Apart from the projects connected to my passion for .NET MAUI, I also enjoy a lot all the seasonal projects we take part in as dev advocates. A recent example is our Thankmas stream in December 2021 in which we created an advent calendar app while also celebrating the holidays with fun games, costumes and casual conversations. Another example, for Valentine’s Day last year, we borrowed a concept from Love Connection, that old-school show on TV where you picked your partner blindly, and transformed it into a streaming format. We had two teams who competed to see which duo could build the best Valentine’s Day–inspired apps in React and Blazor. Alyssa and Ed were team one—the romantics who built beautiful things, inspired by the spirit of love; me and TJ, on the other hand, were on the team that hated Valentine’s Day. So, we built a flower shop and when you tried to buy flowers, we sent you weapons. These seasonal streams are super fun for the team and, hopefully, for the community to tune in to as well.
Eve Turzillo, Developer Advocate for Telerik Fiddler: Freedom from constraints. The dev community is passionate about what they do, yet many face constraints that keep them from doing everything they’d like to accomplish. My gift would remove the obstacles that come with having insufficient time, work/life integration obstacles and other barriers that can potentially hold any individual back from reaching their pinnacle.
Kathryn Grayson Nanz, Developer Advocate for KendoReact: To highlight the diversity of the dev community and help empower every developer. We have some sort of a stereotype of what programmers look like and what their experience with programming is. I, for example, do not fit into this stereotype, and it was a big part of the reason I did not pursue programming in college. I could not see myself doing that job. But as it turns out, I could have, and I did so later, so I want my example to be visible and to encourage everyone who feels pressured by the opinion of others. I wish there had been more “out-of-the-stereotype” people who I could have looked at when I was in high school making the decision about what to study (I chose design back then).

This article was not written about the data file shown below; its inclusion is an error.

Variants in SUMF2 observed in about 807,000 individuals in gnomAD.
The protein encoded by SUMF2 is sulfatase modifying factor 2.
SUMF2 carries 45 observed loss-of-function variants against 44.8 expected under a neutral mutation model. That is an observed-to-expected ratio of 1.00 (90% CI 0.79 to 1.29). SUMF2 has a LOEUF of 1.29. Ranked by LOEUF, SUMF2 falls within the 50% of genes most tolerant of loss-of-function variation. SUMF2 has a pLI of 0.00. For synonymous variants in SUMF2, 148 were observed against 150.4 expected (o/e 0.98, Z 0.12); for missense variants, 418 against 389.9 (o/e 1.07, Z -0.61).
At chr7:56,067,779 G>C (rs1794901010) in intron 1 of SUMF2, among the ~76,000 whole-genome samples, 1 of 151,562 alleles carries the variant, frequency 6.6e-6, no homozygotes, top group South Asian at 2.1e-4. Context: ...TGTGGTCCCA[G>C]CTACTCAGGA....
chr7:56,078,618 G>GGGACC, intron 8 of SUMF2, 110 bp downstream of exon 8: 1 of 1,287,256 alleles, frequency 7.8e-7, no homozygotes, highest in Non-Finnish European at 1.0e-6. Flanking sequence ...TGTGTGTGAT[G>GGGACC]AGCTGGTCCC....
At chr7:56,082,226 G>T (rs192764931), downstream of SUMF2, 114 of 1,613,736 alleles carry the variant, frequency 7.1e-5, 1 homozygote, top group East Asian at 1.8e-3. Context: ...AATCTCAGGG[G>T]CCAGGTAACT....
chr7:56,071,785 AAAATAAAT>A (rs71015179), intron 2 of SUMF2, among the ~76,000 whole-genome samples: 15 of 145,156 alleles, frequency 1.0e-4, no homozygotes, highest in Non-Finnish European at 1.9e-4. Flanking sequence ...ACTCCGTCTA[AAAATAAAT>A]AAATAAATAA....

Sam Basu, Developer Advocate for Telerik: To educate and inspire through sharing my own experiences. I believe that anybody can learn a new technology—there is documentation and ways in which you can go learn by yourself. One does not need somebody else to teach them, but learning becomes much easier if someone can excite them. In the dev community, one of the most exciting things is when somebody shares their story about their personal experience with solving the problem and what new tools or technology have helped them.
Eve Turzillo, Developer Advocate for Telerik Fiddler: To be the eyes and ears for the developers we support. To be that liaison between the developers who rely on productivity solutions to make their jobs more manageable and our internal developers who work tirelessly to deliver a world-class product.
Alyssa Nicoll, Sr. Dev Advocate for Kendo UI & Angular GDE: To spread joy.
Sam Basu, Developer Advocate for Telerik: .NET MAUI will be out sometime in April or May, so a top priority of mine will be to help our customers modernize their apps and transition to .NET 6. I also want to help them do more cross-platform collaborations with .NET MAUI.
Kathryn Grayson Nanz, Developer Advocate for KendoReact: Recurring shows! I already set off with the Dev by Design show, where we look at design basics and fundamentals, but from a developer’s point of view to help them understand the concepts behind and be able to make user interfaces. I am also partnering with Alyssa for another weekly chat show—UI Mondays—where we look at frontend tools and techniques, things like CSS and HTML, UI code, etc., and we discuss the hottest frontend trends out there. Another thing that is coming up soon and I am super excited about is the Accessibility stream Alyssa and I are going to do on February 14. Expect some great accessibility content—we have four experts joining, and the talks will cover everything from deep dives on coding accessible forms and SVGs to high-level discussions on the importance of accessibility and using inclusive language.
Zooming out from the project perspective, I want all my work to focus on the human aspect of development. That is the part that appeals to me—helping people gain empathy for their users. I also hope to lift other voices in the development community to reflect the diversity that we have and break the stereotype.
Alyssa Nicoll, Sr. Dev Advocate for Kendo UI & Angular GDE: I want to find that work/life balance and help others figure it out for themselves by working within the community. With COVID, we learned how to adapt and become 100% virtual with everything. Coming out of this state and starting to have international conferences again requires finding a balance, establishing a hybrid world of sorts. This does not only have to do with work but also with one’s personal life—how do we become our best version in this new world?
Eve Turzillo, Developer Advocate for Telerik Fiddler: Lots of traveling, I hope! My calendar is shaping up pretty well right now. Expect to see me at KCDC, That Conference in Wisconsin and TechBash.
Viktoria Kuzmanova was a social media intern, part of the Developer Relations team here at Progress.